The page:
Apr 242011
Authors: Lydia Jorden

Much debate surrounds the Transportation Security Administration (TSA) and the way they strive to ensure the safety of airline passengers.

Recently, a 6-year-old was pulled aside for further inspection while going through security. The parents of the child were angry, accusing the TSA of inappropriately touching their child.

After viewing the video online, the only thing one can accuse the TSA agent of doing is their job. Of course, it seems unreasonable to pull a 6-year-old aside, but equal treatment of all passengers is a necessity.

No individual should be treated differently than anyone else when the security of individuals’ lives are on the line.

Those of us who have flown understand the tiresome process of waiting in line for security, taking off our shoes and belts as we pray we are not randomly selected for further examination. I always tend to notice that the random selection includes either elderly people who can hardly walk or infants — two individuals, both of which are completely incapable of inducing physical harm and are clearly no danger to society when acting independently.

Regardless of how unreasonable it sounds to pull aside an elderly person or a 6-year-old, it is necessary.

A core value of the TSA is to set the standard for excellence in security. Whether they set this standard by preventing a dangerous situation –– or by simply acting as a deterrent to dangerous situations –– the TSA agents need to do so by following outlined procedures.

However, some believe the protocol is intrusive and an invasion of privacy.

But the TSA actually works to create a less intrusive environment.

One guideline the TSA imposed as a way of maintaining privacy is to allow an individual who has been selected for additional screening to participate in the screening in a separate room away from the traveling public. Additionally, the individual under inspection may request a TSA agent of the same gender to perform the pat-down.

The TSA is clearly working towards making travelers feel more comfortable even when they have to follow specific procedures.

I understand that in some cases TSA officers may be stronger and rougher than others, but abolishing the TSA screening policies will result in a security disaster. The absence of the TSA would result in more problems than the complaints received now.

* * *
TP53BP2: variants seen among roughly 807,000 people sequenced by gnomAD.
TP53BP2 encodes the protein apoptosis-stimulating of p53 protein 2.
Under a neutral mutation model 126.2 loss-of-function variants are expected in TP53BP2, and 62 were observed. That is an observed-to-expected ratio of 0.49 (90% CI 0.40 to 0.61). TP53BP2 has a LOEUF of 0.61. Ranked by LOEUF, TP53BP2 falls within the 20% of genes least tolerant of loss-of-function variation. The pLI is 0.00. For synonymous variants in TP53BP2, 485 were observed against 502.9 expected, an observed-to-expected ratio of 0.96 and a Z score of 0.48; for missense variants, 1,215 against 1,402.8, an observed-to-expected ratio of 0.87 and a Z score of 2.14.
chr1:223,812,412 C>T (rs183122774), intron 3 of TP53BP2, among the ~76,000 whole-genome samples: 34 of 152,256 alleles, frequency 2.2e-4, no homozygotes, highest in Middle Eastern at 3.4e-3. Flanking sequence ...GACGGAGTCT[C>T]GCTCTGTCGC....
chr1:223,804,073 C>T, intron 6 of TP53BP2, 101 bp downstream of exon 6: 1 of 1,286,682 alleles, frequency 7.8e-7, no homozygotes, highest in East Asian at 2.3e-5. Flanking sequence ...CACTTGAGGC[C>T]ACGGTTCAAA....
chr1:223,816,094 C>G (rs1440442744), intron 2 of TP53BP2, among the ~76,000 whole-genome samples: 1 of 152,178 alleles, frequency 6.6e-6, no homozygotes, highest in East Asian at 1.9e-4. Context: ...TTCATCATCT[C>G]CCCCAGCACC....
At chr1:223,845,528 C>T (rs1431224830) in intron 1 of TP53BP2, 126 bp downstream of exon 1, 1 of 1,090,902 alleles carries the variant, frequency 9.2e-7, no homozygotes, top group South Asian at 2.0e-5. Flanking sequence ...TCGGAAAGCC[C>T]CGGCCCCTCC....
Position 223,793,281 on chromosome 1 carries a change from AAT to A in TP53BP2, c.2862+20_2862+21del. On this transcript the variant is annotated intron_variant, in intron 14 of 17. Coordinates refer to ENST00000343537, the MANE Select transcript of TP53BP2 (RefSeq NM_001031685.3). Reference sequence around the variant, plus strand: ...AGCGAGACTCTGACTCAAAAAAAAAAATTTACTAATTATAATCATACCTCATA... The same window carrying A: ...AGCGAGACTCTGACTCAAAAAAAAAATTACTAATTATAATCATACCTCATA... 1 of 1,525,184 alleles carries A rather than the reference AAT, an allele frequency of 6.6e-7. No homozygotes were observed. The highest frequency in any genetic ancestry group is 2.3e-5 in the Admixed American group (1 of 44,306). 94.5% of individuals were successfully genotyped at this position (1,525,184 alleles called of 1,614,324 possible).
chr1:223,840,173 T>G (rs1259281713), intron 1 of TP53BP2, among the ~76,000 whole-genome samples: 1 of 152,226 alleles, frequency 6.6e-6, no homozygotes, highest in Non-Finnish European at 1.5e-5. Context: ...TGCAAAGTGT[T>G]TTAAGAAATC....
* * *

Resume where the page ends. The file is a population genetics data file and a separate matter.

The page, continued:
Just this past week at the Joplin Regional Airport in Missouri, the TSA officer discovered a knife deceitfully hidden and taped inside the cover of a DVD player.

In December of 2010 the TSA caught a traveler at Miami International Airport who was trying to go through security with a loaded gun.

Last year, 14 guns were confiscated at the Fort Lauderdale airport while 12 were confiscated at the Miami airport. If you multiply these confiscations by every major airport, it is clear that the TSA find weapons and keep many passengers safe.

Sharp, intelligent minds exist in the world today and it is not far fetched to think that a terrorist is considering using a child, or any other unexpected individual, to carry out a plan.

The security of all passengers is lowered if the TSA changes their regulations to exclude children or changed the protocol for examination of children. If an individual who is planning to complete an attack sees a gap in the TSA regulations, that individual may exploit the loophole to complete their assault.

We cannot underestimate the ruthlessness and cruelty of our enemies.

Lydia Jorden is a sophomore business major. Her column runs Mondays in the Collegian. Letters and feedback can be reached at letters@collegian.com.

 Posted by at 2:11 pm

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